\begin{pmatrix} 1 \\ 0 \\ 0 \end{pmatrix} \begin{pmatrix} 0 \\ 1 \\ 0 \end{pmatrix} \begin{pmatrix} 2 \\ 3 \\ 0 \end{pmatrix} \rightarrow 2 \cdot \begin{pmatrix} 1 \\ 0 \\ 0 \end{pmatrix} + 3 \cdot \begin{pmatrix} 0 \\ 1 \\ 0 \end{pmatrix} - 1 \cdot\begin{pmatrix} 2 \\ 3 \\ 0 \end{pmatrix} = \begin{pmatrix} 0 \\ 0 \\ 0 \end{pmatrix}
$$
The following property can be deduced from the definition of linear dependence:
A set of vectors is linearly dependent if and only if one of the elements of that set can be expressed through the remaining elements.
**Note**: If vectors represent some characteristics of objects, then linear dependence can be interpreted as data redundancy.
The notion of linear independence introduces the concept of **dimensionality** of a vector space -- the maximum number of linearly independent vectors in it.
## Basis
In the formal definition of a vector there are no quantitative interpretations of it, just two operations on vectors and 8 axioms.
So where do quantitative measurements come from? To make this clear, we need to introduce the concept of **basis**.
A basis is a finite set of vectors in a vector space such that any vector in that space can be uniquely represented as a linear combination of vectors of that set.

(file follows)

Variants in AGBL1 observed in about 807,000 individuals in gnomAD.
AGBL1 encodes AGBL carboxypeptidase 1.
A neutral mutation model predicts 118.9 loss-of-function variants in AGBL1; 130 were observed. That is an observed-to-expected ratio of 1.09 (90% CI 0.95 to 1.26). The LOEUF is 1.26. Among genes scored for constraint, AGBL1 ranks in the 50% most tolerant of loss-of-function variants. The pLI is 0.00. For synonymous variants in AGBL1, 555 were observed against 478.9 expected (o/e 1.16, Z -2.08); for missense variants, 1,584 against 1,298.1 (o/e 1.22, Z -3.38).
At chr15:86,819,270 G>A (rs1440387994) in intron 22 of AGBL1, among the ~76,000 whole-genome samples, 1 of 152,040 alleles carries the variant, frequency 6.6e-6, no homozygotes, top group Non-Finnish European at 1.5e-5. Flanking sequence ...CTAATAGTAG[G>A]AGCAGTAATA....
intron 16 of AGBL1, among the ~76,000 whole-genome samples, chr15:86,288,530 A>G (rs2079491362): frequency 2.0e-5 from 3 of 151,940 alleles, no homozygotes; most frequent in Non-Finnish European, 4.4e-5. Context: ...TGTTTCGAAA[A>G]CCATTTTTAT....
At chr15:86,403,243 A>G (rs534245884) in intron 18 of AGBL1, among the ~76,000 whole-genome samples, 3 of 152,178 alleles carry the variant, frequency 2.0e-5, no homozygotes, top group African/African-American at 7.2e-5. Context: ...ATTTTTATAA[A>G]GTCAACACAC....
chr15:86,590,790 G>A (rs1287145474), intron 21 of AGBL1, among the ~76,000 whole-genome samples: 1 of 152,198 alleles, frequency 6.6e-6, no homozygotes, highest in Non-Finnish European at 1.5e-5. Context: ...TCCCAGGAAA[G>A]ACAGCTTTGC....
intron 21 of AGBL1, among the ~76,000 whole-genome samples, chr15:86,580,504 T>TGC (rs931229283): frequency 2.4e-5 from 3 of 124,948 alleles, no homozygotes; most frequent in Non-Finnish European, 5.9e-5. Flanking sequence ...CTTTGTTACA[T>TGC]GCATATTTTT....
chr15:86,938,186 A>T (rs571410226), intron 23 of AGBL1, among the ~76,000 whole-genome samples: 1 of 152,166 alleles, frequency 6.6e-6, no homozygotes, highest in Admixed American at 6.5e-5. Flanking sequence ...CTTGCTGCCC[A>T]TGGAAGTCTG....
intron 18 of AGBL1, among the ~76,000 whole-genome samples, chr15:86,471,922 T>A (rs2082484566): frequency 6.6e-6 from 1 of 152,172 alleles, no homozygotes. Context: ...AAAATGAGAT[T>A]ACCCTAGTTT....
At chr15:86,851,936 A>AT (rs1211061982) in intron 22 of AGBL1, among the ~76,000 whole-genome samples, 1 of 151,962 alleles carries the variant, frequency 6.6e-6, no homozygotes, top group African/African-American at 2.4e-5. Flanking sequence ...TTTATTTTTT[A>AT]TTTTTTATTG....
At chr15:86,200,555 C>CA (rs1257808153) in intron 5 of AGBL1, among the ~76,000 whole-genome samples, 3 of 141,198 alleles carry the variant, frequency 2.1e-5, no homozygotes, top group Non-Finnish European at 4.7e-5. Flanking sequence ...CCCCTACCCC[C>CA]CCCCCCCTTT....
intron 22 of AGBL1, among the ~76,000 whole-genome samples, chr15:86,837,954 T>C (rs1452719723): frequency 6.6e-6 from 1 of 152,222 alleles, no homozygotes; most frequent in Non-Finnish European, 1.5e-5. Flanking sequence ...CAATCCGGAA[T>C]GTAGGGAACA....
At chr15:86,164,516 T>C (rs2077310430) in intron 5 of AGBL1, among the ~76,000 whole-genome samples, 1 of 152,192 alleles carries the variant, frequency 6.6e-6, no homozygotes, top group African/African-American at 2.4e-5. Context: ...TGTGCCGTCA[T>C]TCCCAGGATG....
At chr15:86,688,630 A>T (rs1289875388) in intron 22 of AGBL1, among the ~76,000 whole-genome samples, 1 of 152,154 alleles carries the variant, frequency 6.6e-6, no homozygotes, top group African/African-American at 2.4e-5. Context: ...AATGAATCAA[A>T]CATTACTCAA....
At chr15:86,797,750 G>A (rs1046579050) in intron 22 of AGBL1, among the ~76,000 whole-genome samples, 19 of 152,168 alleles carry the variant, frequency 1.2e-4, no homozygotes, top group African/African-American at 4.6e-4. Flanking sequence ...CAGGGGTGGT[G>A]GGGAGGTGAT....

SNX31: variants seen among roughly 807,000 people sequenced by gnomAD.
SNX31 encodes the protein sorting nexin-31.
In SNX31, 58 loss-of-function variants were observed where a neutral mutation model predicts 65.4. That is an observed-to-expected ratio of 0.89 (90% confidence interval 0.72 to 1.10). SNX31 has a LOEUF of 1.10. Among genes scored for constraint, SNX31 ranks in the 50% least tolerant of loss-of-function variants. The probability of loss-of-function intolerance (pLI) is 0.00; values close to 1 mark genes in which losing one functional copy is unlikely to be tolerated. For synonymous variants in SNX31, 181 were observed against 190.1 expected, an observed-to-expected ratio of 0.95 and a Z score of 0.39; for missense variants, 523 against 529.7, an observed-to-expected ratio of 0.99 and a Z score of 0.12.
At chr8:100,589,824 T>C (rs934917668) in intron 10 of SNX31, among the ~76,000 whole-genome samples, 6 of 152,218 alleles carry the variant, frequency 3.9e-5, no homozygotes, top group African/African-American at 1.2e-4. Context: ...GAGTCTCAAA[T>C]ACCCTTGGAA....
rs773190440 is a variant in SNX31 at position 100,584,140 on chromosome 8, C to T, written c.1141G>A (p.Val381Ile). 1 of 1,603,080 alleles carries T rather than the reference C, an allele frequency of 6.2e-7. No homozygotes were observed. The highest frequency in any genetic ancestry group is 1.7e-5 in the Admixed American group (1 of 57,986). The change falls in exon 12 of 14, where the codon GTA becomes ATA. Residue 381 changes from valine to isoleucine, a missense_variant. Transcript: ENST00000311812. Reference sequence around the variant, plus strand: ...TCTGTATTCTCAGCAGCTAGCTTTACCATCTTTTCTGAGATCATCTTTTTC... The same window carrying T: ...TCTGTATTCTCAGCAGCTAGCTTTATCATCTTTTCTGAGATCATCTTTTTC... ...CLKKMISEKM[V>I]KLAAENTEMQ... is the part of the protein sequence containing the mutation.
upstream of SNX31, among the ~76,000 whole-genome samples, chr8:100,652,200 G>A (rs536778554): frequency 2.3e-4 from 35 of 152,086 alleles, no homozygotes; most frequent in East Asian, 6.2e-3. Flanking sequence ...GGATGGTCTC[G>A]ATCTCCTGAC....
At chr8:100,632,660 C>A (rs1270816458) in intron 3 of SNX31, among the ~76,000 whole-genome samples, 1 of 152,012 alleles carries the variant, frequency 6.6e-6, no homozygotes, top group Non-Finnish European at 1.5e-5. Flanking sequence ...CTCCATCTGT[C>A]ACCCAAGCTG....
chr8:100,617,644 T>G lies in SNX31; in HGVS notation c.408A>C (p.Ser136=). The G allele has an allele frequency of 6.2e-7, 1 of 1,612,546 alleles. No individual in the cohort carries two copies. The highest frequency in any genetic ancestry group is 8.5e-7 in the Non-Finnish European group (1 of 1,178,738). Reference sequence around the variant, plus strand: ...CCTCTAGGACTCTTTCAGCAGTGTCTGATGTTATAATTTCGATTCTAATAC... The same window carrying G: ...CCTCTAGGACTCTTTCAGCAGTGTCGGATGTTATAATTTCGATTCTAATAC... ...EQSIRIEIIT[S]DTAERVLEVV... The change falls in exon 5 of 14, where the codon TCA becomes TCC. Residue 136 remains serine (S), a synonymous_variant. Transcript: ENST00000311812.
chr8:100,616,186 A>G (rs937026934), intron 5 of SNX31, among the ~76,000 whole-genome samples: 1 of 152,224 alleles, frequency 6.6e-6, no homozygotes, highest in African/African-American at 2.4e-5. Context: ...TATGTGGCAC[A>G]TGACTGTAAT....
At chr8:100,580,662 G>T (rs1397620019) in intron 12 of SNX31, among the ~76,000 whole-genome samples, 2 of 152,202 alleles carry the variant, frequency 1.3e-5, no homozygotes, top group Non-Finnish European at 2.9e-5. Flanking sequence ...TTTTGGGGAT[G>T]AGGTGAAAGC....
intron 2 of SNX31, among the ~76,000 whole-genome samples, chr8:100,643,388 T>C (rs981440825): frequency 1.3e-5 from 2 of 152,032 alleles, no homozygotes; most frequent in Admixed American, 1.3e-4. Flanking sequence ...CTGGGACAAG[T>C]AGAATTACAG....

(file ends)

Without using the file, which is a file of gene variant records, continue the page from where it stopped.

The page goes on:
Recall one of the examples above, where we represented a rectangular coordinate system in the plane and unit vectors $\mathbf{e}_1$, $\mathbf{e}_2$. $\mathbf{e}_1 = \begin{pmatrix} 1 \\ 0 \end{pmatrix}$, $\mathbf{e}_2 = \begin{pmatrix} 0 \\ 1 \end{pmatrix}$.
In this example, we decompose the arbitrary vector $\mathbf{a}$ as follows:
$$
\mathbf{a} = a_1 \mathbf{e}_1 + a_2 \mathbf{e}_2 = a_1 \begin{pmatrix} 1 \\ 0 \end{pmatrix} + a_2 \begin{pmatrix} 0 \\ 1 \end{pmatrix} = \begin{pmatrix} a_1 \\ 0 \end{pmatrix} + \begin{pmatrix} 0 \\ a_2 \end{pmatrix} = \begin{pmatrix} a_1 \\ a_2 \end{pmatrix}
$$